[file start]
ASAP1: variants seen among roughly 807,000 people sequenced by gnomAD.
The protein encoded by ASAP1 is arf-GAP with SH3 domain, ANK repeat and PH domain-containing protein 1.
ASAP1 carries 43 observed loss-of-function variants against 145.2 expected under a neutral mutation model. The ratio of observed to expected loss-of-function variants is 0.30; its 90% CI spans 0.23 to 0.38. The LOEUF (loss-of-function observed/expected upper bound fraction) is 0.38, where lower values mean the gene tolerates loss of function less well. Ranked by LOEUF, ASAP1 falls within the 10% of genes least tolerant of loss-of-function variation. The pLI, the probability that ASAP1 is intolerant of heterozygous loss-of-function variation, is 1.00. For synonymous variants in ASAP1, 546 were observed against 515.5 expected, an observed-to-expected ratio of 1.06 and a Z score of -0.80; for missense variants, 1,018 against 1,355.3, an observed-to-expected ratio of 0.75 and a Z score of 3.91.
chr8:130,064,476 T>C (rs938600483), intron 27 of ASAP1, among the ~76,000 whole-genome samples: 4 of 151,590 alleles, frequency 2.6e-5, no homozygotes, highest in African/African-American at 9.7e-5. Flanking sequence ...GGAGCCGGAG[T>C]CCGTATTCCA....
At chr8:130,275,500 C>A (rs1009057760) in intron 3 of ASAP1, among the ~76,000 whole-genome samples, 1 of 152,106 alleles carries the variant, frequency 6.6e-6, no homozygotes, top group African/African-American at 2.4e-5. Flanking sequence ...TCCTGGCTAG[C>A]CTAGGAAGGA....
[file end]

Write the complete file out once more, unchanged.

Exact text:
ASAP1: variants seen among roughly 807,000 people sequenced by gnomAD.
The protein encoded by ASAP1 is arf-GAP with SH3 domain, ANK repeat and PH domain-containing protein 1.
ASAP1 carries 43 observed loss-of-function variants against 145.2 expected under a neutral mutation model. The ratio of observed to expected loss-of-function variants is 0.30; its 90% CI spans 0.23 to 0.38. The LOEUF (loss-of-function observed/expected upper bound fraction) is 0.38, where lower values mean the gene tolerates loss of function less well. Ranked by LOEUF, ASAP1 falls within the 10% of genes least tolerant of loss-of-function variation. The pLI, the probability that ASAP1 is intolerant of heterozygous loss-of-function variation, is 1.00. For synonymous variants in ASAP1, 546 were observed against 515.5 expected, an observed-to-expected ratio of 1.06 and a Z score of -0.80; for missense variants, 1,018 against 1,355.3, an observed-to-expected ratio of 0.75 and a Z score of 3.91.
chr8:130,064,476 T>C (rs938600483), intron 27 of ASAP1, among the ~76,000 whole-genome samples: 4 of 151,590 alleles, frequency 2.6e-5, no homozygotes, highest in African/African-American at 9.7e-5. Flanking sequence ...GGAGCCGGAG[T>C]CCGTATTCCA....
At chr8:130,275,500 C>A (rs1009057760) in intron 3 of ASAP1, among the ~76,000 whole-genome samples, 1 of 152,106 alleles carries the variant, frequency 6.6e-6, no homozygotes, top group African/African-American at 2.4e-5. Flanking sequence ...TCCTGGCTAG[C>A]CTAGGAAGGA....